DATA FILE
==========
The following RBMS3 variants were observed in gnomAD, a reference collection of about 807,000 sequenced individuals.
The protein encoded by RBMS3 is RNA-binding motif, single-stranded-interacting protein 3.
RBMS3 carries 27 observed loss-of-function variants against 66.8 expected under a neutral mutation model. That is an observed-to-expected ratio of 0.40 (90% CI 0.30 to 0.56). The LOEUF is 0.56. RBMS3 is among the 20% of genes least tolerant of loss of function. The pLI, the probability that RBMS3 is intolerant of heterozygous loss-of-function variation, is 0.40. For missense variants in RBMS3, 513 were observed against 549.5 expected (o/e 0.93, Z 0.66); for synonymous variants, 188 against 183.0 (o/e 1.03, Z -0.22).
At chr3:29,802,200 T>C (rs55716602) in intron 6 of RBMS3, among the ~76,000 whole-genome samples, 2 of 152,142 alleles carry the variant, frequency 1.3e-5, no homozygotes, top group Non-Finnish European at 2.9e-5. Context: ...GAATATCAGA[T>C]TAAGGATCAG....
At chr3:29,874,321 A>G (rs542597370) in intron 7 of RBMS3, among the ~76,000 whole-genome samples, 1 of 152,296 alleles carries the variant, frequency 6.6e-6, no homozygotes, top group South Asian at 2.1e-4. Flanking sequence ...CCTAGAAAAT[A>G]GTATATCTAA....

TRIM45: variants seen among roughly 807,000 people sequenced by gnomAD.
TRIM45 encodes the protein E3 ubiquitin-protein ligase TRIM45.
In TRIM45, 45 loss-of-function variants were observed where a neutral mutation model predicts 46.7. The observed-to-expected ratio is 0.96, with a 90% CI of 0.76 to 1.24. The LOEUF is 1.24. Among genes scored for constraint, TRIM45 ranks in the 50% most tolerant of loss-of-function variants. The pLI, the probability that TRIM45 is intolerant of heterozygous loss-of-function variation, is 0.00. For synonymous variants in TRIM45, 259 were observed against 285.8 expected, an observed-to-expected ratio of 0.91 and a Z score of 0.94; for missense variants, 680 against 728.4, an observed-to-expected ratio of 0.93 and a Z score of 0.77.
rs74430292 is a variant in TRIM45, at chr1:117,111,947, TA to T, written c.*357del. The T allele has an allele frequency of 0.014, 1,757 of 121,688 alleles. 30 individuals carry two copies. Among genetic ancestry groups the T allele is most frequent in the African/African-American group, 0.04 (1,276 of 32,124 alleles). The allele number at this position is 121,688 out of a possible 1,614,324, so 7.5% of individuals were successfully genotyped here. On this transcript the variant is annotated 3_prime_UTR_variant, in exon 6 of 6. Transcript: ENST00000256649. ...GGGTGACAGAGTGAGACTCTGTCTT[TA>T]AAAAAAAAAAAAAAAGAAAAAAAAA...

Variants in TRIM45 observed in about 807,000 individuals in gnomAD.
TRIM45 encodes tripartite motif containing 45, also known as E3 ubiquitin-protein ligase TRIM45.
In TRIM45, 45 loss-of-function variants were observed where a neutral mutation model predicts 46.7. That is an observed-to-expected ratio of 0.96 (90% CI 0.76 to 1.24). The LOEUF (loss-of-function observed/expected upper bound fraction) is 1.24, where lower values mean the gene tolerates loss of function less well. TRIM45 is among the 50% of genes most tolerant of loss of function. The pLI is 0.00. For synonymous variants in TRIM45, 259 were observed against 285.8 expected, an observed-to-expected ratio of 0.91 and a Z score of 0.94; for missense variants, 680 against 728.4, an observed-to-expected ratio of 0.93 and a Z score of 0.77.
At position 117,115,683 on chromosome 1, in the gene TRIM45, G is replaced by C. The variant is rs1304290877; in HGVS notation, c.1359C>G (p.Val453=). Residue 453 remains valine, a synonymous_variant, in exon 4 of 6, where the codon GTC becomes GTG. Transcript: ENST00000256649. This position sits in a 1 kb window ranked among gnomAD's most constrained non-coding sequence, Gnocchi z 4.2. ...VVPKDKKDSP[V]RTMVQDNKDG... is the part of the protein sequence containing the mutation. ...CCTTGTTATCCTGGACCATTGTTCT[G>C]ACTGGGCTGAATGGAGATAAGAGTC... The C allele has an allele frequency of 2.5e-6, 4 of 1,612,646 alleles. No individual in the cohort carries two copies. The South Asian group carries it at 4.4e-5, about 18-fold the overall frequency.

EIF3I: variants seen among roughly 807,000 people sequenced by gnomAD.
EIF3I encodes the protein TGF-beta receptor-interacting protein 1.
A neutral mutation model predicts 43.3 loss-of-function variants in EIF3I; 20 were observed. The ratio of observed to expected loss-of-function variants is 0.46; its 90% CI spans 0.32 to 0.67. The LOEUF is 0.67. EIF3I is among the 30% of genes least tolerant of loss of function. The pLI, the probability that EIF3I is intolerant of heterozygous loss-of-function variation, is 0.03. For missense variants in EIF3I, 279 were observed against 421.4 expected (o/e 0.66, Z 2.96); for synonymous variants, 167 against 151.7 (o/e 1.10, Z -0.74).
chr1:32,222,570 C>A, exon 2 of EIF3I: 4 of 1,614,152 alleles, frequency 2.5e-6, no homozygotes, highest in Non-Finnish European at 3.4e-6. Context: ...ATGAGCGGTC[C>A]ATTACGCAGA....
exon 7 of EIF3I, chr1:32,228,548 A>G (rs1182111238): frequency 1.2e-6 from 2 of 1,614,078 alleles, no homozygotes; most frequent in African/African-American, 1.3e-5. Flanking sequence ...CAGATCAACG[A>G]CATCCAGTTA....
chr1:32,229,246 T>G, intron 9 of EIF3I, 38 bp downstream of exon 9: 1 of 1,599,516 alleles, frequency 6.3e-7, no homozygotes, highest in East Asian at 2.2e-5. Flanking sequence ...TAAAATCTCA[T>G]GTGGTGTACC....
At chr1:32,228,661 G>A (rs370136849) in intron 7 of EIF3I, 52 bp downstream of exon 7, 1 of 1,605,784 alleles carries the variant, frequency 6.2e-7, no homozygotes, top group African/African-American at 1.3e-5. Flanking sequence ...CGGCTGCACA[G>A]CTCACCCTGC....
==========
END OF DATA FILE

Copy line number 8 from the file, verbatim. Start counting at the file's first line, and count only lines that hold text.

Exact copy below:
In TRIM45, 45 loss-of-function variants were observed where a neutral mutation model predicts 46.7. The observed-to-expected ratio is 0.96, with a 90% CI of 0.76 to 1.24. The LOEUF is 1.24. Among genes scored for constraint, TRIM45 ranks in the 50% most tolerant of loss-of-function variants. The pLI, the probability that TRIM45 is intolerant of heterozygous loss-of-function variation, is 0.00. For synonymous variants in TRIM45, 259 were observed against 285.8 expected, an observed-to-expected ratio of 0.91 and a Z score of 0.94; for missense variants, 680 against 728.4, an observed-to-expected ratio of 0.93 and a Z score of 0.77.